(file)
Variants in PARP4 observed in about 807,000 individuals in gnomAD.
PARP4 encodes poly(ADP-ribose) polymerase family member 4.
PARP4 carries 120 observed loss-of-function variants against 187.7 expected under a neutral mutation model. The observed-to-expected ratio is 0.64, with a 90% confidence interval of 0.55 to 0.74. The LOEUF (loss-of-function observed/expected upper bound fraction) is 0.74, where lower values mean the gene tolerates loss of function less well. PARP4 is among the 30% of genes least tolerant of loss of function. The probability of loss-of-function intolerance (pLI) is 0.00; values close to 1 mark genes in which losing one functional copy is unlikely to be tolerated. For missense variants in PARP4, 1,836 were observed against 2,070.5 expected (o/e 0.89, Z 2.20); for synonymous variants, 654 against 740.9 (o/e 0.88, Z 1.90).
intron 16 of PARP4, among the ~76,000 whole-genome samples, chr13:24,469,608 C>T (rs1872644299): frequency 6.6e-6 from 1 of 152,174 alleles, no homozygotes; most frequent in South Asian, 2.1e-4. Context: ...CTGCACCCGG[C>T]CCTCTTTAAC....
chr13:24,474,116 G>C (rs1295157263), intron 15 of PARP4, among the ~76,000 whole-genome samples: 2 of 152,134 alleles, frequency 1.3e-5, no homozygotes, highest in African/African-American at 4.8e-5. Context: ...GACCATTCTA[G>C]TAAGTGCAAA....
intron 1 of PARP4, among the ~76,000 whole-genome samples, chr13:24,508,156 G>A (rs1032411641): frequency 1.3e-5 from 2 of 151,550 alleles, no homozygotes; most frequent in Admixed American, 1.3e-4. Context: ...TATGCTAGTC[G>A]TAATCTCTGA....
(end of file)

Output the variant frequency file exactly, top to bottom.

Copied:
Variants in PARP4 observed in about 807,000 individuals in gnomAD.
PARP4 encodes poly(ADP-ribose) polymerase family member 4.
PARP4 carries 120 observed loss-of-function variants against 187.7 expected under a neutral mutation model. The observed-to-expected ratio is 0.64, with a 90% confidence interval of 0.55 to 0.74. The LOEUF (loss-of-function observed/expected upper bound fraction) is 0.74, where lower values mean the gene tolerates loss of function less well. PARP4 is among the 30% of genes least tolerant of loss of function. The probability of loss-of-function intolerance (pLI) is 0.00; values close to 1 mark genes in which losing one functional copy is unlikely to be tolerated. For missense variants in PARP4, 1,836 were observed against 2,070.5 expected (o/e 0.89, Z 2.20); for synonymous variants, 654 against 740.9 (o/e 0.88, Z 1.90).
intron 16 of PARP4, among the ~76,000 whole-genome samples, chr13:24,469,608 C>T (rs1872644299): frequency 6.6e-6 from 1 of 152,174 alleles, no homozygotes; most frequent in South Asian, 2.1e-4. Context: ...CTGCACCCGG[C>T]CCTCTTTAAC....
chr13:24,474,116 G>C (rs1295157263), intron 15 of PARP4, among the ~76,000 whole-genome samples: 2 of 152,134 alleles, frequency 1.3e-5, no homozygotes, highest in African/African-American at 4.8e-5. Context: ...GACCATTCTA[G>C]TAAGTGCAAA....
intron 1 of PARP4, among the ~76,000 whole-genome samples, chr13:24,508,156 G>A (rs1032411641): frequency 1.3e-5 from 2 of 151,550 alleles, no homozygotes; most frequent in Admixed American, 1.3e-4. Context: ...TATGCTAGTC[G>A]TAATCTCTGA....